Ph.D. 2015, Yale University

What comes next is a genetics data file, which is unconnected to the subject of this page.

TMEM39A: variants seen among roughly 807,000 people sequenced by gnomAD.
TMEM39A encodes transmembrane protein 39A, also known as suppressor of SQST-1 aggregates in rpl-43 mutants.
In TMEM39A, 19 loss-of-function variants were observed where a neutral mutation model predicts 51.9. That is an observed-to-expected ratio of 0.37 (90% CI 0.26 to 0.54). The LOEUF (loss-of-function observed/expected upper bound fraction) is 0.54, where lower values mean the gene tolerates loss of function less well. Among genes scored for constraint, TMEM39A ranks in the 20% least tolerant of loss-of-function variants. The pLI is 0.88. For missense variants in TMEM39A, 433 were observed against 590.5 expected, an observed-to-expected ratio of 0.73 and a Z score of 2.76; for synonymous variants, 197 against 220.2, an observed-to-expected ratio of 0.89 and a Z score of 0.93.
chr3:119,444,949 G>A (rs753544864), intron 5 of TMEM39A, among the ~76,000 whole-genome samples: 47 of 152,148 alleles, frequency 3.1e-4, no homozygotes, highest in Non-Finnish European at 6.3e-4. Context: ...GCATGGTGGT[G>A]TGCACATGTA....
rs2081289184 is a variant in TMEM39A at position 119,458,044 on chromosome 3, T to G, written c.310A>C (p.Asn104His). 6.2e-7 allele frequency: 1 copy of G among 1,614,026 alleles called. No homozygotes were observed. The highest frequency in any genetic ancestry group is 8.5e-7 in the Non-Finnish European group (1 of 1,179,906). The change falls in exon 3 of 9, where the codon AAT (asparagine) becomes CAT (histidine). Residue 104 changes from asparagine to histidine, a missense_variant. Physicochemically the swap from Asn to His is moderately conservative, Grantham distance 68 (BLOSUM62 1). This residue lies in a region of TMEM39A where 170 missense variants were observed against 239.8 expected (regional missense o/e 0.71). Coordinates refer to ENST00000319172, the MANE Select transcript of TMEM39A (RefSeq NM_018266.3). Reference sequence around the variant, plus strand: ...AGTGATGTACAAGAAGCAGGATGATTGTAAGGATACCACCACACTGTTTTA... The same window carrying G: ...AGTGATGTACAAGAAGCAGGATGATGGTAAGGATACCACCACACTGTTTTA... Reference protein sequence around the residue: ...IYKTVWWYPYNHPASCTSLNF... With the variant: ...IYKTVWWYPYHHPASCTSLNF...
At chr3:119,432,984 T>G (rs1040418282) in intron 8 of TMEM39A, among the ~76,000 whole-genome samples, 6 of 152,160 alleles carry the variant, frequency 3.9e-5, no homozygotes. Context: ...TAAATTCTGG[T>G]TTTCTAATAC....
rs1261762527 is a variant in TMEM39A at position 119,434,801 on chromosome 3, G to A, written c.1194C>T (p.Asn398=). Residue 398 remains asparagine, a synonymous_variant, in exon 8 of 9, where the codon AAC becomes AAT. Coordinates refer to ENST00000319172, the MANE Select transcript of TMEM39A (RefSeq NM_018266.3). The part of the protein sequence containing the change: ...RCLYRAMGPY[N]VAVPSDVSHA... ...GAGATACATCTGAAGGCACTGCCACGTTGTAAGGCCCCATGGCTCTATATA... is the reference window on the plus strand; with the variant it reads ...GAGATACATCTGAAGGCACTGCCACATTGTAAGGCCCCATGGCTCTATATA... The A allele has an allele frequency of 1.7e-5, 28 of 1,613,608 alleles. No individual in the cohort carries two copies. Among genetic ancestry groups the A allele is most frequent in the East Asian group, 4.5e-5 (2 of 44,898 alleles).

Photon strength of nuclei has been a topic of recent intrigue due to postulated exotic modes of excitation, such as a neutron skin resonance, as well as the difficulty of its measurement near the neutron separation energy. The large number of levels up to the neutron separation energy, a region of particular interest in the calculation of nuclear reaction probabilities, causes detailed and accurate measurements to be close to the threshold of current experimental limits. This talk will begin with the history of photon strength measurement and theory. The results of six nuclear resonance fluorescence experiments on stable A = 76 nuclei will presented along with a comparison between the results of these experiments and many others with the combined theories of Bethe, Brink, and Dyson. The significance of the analysis in relation to the measurements of photon strength below the neutron separation energy will be discussed in light of the current efforts to improve the amount of information extracted from experiment. The predictions of observables such as total gamma-ray spectra from hot nuclei will also be discussed. The second part of the talk will consist of results from a gamma-gamma angular correlations experiment performed on 76As at WNSL, and how the results of this experiment may influence nuclear structure calculations of the matrix element of the 76Ge neutrinoless double-beta decay mode. Finally, the results from fast-timing experiments on rare-earth nuclei will be presented.